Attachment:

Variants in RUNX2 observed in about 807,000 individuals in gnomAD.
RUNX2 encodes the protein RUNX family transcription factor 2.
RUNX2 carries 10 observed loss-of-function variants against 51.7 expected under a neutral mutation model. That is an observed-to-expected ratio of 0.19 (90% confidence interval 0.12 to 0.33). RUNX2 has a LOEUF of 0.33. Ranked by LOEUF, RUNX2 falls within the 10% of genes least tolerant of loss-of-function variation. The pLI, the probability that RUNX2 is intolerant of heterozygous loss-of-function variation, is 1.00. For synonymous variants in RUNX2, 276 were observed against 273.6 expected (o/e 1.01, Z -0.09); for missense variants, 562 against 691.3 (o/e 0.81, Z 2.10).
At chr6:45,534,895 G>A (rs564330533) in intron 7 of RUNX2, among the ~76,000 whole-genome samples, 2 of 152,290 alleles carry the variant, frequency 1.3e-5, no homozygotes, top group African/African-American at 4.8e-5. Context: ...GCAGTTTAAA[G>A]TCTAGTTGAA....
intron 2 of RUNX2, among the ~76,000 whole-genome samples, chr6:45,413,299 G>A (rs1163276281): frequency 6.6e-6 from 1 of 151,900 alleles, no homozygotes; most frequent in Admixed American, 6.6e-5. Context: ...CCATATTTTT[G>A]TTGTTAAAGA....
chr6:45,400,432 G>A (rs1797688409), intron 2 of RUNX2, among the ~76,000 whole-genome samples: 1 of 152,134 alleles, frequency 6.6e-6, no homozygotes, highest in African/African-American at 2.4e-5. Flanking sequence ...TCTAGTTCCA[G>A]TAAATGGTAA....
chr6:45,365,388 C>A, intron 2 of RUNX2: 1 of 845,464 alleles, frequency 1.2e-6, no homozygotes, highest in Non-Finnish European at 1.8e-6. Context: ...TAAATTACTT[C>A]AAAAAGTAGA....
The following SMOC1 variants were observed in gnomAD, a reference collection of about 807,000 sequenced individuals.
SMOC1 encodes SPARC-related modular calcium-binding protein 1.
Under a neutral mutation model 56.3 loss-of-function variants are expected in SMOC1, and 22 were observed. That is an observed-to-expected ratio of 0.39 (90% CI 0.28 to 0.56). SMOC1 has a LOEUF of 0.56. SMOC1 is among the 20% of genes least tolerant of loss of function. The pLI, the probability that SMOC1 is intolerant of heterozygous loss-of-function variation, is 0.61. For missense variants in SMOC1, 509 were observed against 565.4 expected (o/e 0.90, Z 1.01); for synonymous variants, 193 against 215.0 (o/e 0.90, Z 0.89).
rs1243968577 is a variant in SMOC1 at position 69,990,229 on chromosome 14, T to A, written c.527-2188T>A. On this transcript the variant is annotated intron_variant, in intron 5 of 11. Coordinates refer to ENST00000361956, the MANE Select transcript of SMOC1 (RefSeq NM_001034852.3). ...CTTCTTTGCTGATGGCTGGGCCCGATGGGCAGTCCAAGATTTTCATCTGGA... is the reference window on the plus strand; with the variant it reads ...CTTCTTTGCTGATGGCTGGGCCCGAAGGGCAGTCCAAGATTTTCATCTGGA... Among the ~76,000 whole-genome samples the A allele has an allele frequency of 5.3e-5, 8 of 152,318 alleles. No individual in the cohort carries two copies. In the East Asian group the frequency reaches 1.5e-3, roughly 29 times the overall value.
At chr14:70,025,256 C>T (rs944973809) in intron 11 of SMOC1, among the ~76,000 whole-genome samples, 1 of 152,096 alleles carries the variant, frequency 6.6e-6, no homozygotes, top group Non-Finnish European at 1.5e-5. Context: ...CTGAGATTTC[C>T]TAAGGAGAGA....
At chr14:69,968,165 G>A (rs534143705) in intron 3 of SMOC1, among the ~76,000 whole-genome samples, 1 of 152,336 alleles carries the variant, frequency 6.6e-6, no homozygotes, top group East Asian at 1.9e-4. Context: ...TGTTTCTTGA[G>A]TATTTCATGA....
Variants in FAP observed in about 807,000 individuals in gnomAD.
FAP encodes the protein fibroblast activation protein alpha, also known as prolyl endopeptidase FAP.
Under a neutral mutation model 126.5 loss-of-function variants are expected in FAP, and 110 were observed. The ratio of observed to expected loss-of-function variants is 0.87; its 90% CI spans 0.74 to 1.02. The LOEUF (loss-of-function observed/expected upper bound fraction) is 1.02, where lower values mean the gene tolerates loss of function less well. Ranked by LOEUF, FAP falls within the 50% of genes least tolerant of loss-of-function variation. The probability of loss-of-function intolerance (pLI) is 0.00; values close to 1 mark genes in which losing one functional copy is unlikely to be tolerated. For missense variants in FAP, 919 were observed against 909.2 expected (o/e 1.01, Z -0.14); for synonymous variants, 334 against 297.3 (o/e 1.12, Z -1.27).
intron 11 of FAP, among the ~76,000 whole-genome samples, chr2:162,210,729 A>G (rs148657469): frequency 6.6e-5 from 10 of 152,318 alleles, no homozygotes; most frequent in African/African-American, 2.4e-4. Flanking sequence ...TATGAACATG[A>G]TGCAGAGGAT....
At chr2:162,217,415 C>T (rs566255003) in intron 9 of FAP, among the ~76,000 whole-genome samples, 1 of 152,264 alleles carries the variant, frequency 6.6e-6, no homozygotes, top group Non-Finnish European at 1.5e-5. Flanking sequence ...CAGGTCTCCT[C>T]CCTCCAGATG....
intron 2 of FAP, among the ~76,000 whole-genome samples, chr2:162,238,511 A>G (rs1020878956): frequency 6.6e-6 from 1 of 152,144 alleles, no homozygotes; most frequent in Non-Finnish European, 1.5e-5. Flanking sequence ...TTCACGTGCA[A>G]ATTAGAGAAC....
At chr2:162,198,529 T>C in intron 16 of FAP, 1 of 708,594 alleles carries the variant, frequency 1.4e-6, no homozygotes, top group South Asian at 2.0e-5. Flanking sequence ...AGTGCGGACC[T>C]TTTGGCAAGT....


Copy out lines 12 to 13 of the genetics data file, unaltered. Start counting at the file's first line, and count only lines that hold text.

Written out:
At chr14:70,025,256 C>T (rs944973809) in intron 11 of SMOC1, among the ~76,000 whole-genome samples, 1 of 152,096 alleles carries the variant, frequency 6.6e-6, no homozygotes, top group Non-Finnish European at 1.5e-5. Context: ...CTGAGATTTC[C>T]TAAGGAGAGA....
At chr14:69,968,165 G>A (rs534143705) in intron 3 of SMOC1, among the ~76,000 whole-genome samples, 1 of 152,336 alleles carries the variant, frequency 6.6e-6, no homozygotes, top group East Asian at 1.9e-4. Context: ...TGTTTCTTGA[G>A]TATTTCATGA....